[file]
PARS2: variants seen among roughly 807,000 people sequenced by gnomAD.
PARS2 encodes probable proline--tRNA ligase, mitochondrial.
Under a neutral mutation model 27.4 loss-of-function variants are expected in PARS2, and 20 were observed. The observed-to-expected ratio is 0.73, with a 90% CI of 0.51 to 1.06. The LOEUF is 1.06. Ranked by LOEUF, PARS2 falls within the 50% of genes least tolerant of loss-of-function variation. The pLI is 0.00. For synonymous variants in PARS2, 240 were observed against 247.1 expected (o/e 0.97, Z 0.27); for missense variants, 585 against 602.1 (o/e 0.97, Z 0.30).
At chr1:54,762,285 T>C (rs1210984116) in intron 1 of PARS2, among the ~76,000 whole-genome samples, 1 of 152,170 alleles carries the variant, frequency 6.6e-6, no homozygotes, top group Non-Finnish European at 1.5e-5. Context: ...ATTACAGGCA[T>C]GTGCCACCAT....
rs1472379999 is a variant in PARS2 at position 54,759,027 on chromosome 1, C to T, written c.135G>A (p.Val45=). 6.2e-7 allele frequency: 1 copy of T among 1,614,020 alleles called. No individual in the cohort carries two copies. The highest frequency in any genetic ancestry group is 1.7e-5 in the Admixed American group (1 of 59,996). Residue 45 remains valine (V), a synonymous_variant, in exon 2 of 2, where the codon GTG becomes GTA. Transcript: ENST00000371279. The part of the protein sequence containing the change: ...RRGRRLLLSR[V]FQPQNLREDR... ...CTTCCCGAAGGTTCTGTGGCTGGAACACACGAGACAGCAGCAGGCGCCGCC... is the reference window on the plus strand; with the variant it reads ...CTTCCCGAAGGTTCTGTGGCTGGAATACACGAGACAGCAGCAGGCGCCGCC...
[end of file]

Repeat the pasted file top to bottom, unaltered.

PARS2: variants seen among roughly 807,000 people sequenced by gnomAD.
PARS2 encodes probable proline--tRNA ligase, mitochondrial.
Under a neutral mutation model 27.4 loss-of-function variants are expected in PARS2, and 20 were observed. The observed-to-expected ratio is 0.73, with a 90% CI of 0.51 to 1.06. The LOEUF is 1.06. Ranked by LOEUF, PARS2 falls within the 50% of genes least tolerant of loss-of-function variation. The pLI is 0.00. For synonymous variants in PARS2, 240 were observed against 247.1 expected (o/e 0.97, Z 0.27); for missense variants, 585 against 602.1 (o/e 0.97, Z 0.30).
At chr1:54,762,285 T>C (rs1210984116) in intron 1 of PARS2, among the ~76,000 whole-genome samples, 1 of 152,170 alleles carries the variant, frequency 6.6e-6, no homozygotes, top group Non-Finnish European at 1.5e-5. Context: ...ATTACAGGCA[T>C]GTGCCACCAT....
rs1472379999 is a variant in PARS2 at position 54,759,027 on chromosome 1, C to T, written c.135G>A (p.Val45=). 6.2e-7 allele frequency: 1 copy of T among 1,614,020 alleles called. No individual in the cohort carries two copies. The highest frequency in any genetic ancestry group is 1.7e-5 in the Admixed American group (1 of 59,996). Residue 45 remains valine (V), a synonymous_variant, in exon 2 of 2, where the codon GTG becomes GTA. Transcript: ENST00000371279. The part of the protein sequence containing the change: ...RRGRRLLLSR[V]FQPQNLREDR... ...CTTCCCGAAGGTTCTGTGGCTGGAACACACGAGACAGCAGCAGGCGCCGCC... is the reference window on the plus strand; with the variant it reads ...CTTCCCGAAGGTTCTGTGGCTGGAATACACGAGACAGCAGCAGGCGCCGCC...